I am part of the core team for the middle school youth group in my parish. Every Monday we come together to play, snack, pray, and hopefully learn something about the faith. When it was my turn to plan the night, knowing that the theme was prayer, I chose to teach how to pray with the scriptures using imaginative prayer which St. Ignatius of Loyola taught. Here is the outline of the night:
- Scripture Charades: break up into teams, with five or six on each team. Give each team a different scripture passage and five minutes to figure out what they want to do. Have each group stand up in front of the group and act it out; group that guesses it first goes next.
- Here are some possible passages to use: Jesus washing the Disciples feet, John 13; Jesus Calls the Apostles to him, Matthew 4; Jesus heals a Blind Man, Mark 8; Jesus makes Peter the leader of the Church, Matthew 16; Jesus calms the storm, Luke 8. Print out the entire passage in case the group is not familiar with the story. Note: This took about 20 minutes with six groups.
- Opening Prayer
- Give the group the overview of the night: We are going to learn about St. Ignatius and way he taught people to pray. Talk about St. Ignatius of Loyola and show some pictures of him.
- Explain what Imaginative Prayer is to the group: In this type of prayer, we read a Gospel passage and enter into it, putting ourselves into the story. We think about what we can see, hear, smell, touch and maybe even taste. We think about our reaction to what Jesus is saying or doing.
- Practice with the group using a familiar story. I used Jesus’ birth. Ask these types of questions: what do you see, smell, hear? Who is with you? Are you a shepherd, wise man, angel? Why?
- After you talk through the process and students respond, use a Gospel passage. I used Matthew 14:22-33, The Walking on Water. Have the group spread out, sit in a relaxed position and close their eyes. Read the passage slowly and with feeling. When you are done reading, wait a few moments before having them open their eyes. Discuss where they saw themselves in the passage, why and what it meant to them. Questions: Where did you put yourself in the passage? What did you notice from that point of view? Why did you choose that person/perspective? When you saw Jesus, how did you feel? What did you learn about Jesus, yourself, others by doing this?
- Closing Prayer Time: Set up a table set up with tea light candles in the shape of a cross, one candle per student. Play “Lord I need You” by Matt Maher while each student comes forward to light a candle, praying silently for a specific intention. With just candles and low lights, talk about why prayer is necessary and important.
Talking points for #’s 3, 5 and 7
#3 Talk about St. Ignatius very briefly: was a soldier, a bit of a flirt, liked to have fun, fought in war, cannonball to the legs, very vain, had legs broken and reset so they would look good; long recovery with nothing to do except read holy books, lives of saints and the Bible; had a conversion and realized he was living his life for all the wrong things. Went off lived in a cave for a year, never cut his nails or hair, eventually formed a group of men who went about teaching and preaching, Jesuits. Ignatius was very practical. One way he suggested to pray was Imaginative Prayer. We enter into the Gospel and see ourselves there, with Jesus in the story.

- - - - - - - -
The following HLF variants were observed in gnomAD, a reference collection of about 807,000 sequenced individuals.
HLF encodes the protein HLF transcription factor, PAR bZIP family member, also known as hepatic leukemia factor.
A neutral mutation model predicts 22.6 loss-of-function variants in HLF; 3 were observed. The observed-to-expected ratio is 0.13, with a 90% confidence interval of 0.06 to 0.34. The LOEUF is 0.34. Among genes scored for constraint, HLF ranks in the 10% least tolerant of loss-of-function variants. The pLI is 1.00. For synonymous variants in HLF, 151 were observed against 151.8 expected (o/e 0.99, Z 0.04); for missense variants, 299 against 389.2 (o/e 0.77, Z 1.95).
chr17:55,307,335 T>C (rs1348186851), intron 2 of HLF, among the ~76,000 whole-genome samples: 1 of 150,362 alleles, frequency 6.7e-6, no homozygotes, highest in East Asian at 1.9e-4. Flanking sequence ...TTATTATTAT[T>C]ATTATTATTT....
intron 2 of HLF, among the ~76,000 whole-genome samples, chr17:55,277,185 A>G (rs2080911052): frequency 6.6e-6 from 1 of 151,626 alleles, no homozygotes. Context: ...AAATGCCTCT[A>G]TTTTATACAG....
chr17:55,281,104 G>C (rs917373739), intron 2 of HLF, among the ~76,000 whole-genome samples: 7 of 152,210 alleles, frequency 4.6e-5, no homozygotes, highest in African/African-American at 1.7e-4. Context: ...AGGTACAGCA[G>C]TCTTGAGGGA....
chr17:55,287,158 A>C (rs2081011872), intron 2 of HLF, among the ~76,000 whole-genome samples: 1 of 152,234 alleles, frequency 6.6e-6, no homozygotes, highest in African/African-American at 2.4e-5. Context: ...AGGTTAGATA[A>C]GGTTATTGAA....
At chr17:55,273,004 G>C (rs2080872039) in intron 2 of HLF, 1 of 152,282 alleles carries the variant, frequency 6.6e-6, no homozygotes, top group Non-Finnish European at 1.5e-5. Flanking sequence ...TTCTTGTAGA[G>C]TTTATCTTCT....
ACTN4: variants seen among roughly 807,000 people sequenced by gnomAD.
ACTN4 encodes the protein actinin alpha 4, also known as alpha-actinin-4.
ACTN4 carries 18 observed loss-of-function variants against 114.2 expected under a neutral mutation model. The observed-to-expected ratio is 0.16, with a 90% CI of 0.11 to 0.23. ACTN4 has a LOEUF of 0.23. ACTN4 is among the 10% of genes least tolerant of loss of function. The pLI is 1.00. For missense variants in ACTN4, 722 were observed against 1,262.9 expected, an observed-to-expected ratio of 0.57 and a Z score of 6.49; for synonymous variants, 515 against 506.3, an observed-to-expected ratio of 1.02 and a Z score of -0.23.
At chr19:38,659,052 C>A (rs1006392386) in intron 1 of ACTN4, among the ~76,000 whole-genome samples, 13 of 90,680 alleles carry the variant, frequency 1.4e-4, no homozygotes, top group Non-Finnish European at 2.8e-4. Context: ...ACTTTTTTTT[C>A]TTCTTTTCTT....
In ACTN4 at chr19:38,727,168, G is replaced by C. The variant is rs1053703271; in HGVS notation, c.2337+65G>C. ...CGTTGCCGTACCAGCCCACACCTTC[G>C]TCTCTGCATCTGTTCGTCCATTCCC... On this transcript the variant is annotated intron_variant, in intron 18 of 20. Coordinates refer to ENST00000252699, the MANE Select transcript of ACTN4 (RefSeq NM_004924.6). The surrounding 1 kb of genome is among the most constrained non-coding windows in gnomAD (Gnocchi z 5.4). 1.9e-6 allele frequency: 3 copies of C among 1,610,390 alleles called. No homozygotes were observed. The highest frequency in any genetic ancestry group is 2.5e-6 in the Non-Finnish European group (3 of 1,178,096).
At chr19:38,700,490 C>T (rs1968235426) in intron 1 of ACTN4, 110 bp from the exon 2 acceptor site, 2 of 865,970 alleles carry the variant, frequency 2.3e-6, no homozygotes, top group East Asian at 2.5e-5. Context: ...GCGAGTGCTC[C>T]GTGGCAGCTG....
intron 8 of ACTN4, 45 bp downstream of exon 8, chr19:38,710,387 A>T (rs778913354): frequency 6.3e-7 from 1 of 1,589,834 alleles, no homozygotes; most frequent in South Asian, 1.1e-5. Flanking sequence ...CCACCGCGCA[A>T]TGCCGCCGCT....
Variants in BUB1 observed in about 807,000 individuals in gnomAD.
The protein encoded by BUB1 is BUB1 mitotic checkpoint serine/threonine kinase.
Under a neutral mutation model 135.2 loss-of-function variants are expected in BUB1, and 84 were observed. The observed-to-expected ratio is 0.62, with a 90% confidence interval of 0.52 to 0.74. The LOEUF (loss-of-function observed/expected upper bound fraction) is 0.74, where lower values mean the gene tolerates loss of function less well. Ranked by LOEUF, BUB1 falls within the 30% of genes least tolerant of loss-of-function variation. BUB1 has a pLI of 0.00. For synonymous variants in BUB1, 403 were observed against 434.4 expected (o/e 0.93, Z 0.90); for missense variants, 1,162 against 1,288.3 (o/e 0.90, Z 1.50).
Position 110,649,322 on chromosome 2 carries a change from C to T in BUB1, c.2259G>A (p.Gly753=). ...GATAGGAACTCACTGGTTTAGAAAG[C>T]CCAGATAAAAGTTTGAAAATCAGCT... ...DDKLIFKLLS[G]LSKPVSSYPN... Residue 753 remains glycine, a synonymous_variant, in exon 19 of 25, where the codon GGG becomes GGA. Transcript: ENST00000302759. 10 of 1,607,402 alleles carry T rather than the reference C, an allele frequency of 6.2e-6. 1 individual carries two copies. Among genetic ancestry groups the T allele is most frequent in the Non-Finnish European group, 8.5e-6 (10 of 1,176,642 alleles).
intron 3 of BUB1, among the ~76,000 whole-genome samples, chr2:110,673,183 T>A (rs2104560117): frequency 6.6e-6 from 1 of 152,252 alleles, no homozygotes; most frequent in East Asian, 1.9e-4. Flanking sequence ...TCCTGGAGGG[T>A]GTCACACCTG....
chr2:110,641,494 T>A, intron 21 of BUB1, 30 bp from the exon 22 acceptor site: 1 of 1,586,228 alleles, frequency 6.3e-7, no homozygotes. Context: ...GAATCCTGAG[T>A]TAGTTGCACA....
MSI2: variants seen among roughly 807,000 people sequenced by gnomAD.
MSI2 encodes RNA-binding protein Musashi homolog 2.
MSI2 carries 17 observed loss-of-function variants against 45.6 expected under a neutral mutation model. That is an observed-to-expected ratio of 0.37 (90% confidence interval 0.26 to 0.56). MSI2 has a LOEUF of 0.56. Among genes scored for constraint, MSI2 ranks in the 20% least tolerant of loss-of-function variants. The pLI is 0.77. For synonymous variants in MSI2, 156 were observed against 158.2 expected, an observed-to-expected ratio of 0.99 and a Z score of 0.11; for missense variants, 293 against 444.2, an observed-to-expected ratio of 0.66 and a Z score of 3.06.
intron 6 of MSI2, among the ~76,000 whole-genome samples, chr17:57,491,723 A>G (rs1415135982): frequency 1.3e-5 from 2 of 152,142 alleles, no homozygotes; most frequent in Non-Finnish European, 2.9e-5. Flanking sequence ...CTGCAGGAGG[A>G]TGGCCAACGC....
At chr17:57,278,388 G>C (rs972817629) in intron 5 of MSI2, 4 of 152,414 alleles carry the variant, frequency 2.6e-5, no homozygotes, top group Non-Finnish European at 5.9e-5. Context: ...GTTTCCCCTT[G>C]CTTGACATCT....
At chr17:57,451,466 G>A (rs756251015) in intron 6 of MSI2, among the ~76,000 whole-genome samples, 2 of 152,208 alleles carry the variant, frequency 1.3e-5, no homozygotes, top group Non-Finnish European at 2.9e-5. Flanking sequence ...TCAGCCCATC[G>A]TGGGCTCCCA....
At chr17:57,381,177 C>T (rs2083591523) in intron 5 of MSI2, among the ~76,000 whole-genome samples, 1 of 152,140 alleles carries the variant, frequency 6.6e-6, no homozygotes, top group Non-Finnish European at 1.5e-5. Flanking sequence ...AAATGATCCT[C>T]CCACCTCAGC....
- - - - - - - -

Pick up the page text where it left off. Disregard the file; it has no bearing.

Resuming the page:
#5 It’s a cool evening and Mary and Joseph have finally found shelter, we say they were in a stable, but it probably was more like a small cave. It offered protection and privacy. They were very tired after travelling to Bethlehem from Nazareth. Mary was going to have her baby, her son, who would be the savior of the world. She gave birth and wrapped Jesus in a blanket. Jesus was a beautiful little boy, perfect with lots of hair and sweet blue eyes. He hardly cried as Mary laid him down so they could sleep.
Joseph watched over them, thanking God all was well. He breathed a deep sigh of relief and closed his eyes.
Joseph stirred and opened his eyes. What does he see?
Ever so quietly, shepherds had come to see the baby Jesus after an angel came and told them the good news that he was born. A multitude of heavenly angels saying Glory to God in the Highest and on earth peace to those on whom his favor rest. Gently Joseph wakes up Mary and she picks Jesus up, showing her son to the shepherds.
Other soon come to Jesus, they bring food and drink for Mary and Joseph. One day, three Kings come to visit. They bring gifts for Jesus. Gifts of gold, frankincense and myrrh. Mary is a bit confused as to why a baby would need these, but accepts them with grace.
Finally all the visitors stop and the Holy Family has time to rest before the next journey.
#7 Prayer: where we sit and focus on God, maybe read the Sunday readings and put ourselves in the Gospel; maybe it’s praying a rosary; maybe on a Friday you can go to Adoration. We can’t treat God like a once in a while thing, or we’ll forget about him. Or if we only reach out when we need him; what do we think about people who do that to us?